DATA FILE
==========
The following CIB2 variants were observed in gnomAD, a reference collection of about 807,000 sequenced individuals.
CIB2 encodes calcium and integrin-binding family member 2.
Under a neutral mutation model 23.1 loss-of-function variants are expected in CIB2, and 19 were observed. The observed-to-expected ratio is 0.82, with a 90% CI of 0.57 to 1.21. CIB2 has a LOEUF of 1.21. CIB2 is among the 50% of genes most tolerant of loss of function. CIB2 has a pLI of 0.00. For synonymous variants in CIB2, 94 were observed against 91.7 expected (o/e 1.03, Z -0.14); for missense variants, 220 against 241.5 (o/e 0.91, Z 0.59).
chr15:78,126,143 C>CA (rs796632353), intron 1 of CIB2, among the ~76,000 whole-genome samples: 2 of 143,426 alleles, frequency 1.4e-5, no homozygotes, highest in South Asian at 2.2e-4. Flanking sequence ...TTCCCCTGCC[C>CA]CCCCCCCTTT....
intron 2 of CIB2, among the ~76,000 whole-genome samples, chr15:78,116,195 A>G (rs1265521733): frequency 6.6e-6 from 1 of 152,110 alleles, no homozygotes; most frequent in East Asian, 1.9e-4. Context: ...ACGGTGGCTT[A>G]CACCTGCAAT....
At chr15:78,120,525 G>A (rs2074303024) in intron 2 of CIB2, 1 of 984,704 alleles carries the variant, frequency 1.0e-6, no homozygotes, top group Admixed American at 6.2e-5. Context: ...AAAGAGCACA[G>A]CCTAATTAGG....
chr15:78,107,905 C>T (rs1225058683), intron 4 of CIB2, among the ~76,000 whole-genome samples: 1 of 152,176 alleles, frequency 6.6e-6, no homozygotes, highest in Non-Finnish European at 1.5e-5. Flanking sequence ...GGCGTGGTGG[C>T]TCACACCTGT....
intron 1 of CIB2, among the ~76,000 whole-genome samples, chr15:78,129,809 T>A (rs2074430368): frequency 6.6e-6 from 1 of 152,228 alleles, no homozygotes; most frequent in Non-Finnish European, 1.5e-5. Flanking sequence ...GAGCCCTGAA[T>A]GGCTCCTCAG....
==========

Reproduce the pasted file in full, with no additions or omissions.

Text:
The following CIB2 variants were observed in gnomAD, a reference collection of about 807,000 sequenced individuals.
CIB2 encodes calcium and integrin-binding family member 2.
Under a neutral mutation model 23.1 loss-of-function variants are expected in CIB2, and 19 were observed. The observed-to-expected ratio is 0.82, with a 90% CI of 0.57 to 1.21. CIB2 has a LOEUF of 1.21. CIB2 is among the 50% of genes most tolerant of loss of function. CIB2 has a pLI of 0.00. For synonymous variants in CIB2, 94 were observed against 91.7 expected (o/e 1.03, Z -0.14); for missense variants, 220 against 241.5 (o/e 0.91, Z 0.59).
chr15:78,126,143 C>CA (rs796632353), intron 1 of CIB2, among the ~76,000 whole-genome samples: 2 of 143,426 alleles, frequency 1.4e-5, no homozygotes, highest in South Asian at 2.2e-4. Flanking sequence ...TTCCCCTGCC[C>CA]CCCCCCCTTT....
intron 2 of CIB2, among the ~76,000 whole-genome samples, chr15:78,116,195 A>G (rs1265521733): frequency 6.6e-6 from 1 of 152,110 alleles, no homozygotes; most frequent in East Asian, 1.9e-4. Context: ...ACGGTGGCTT[A>G]CACCTGCAAT....
At chr15:78,120,525 G>A (rs2074303024) in intron 2 of CIB2, 1 of 984,704 alleles carries the variant, frequency 1.0e-6, no homozygotes, top group Admixed American at 6.2e-5. Context: ...AAAGAGCACA[G>A]CCTAATTAGG....
chr15:78,107,905 C>T (rs1225058683), intron 4 of CIB2, among the ~76,000 whole-genome samples: 1 of 152,176 alleles, frequency 6.6e-6, no homozygotes, highest in Non-Finnish European at 1.5e-5. Flanking sequence ...GGCGTGGTGG[C>T]TCACACCTGT....
intron 1 of CIB2, among the ~76,000 whole-genome samples, chr15:78,129,809 T>A (rs2074430368): frequency 6.6e-6 from 1 of 152,228 alleles, no homozygotes; most frequent in Non-Finnish European, 1.5e-5. Flanking sequence ...GAGCCCTGAA[T>A]GGCTCCTCAG....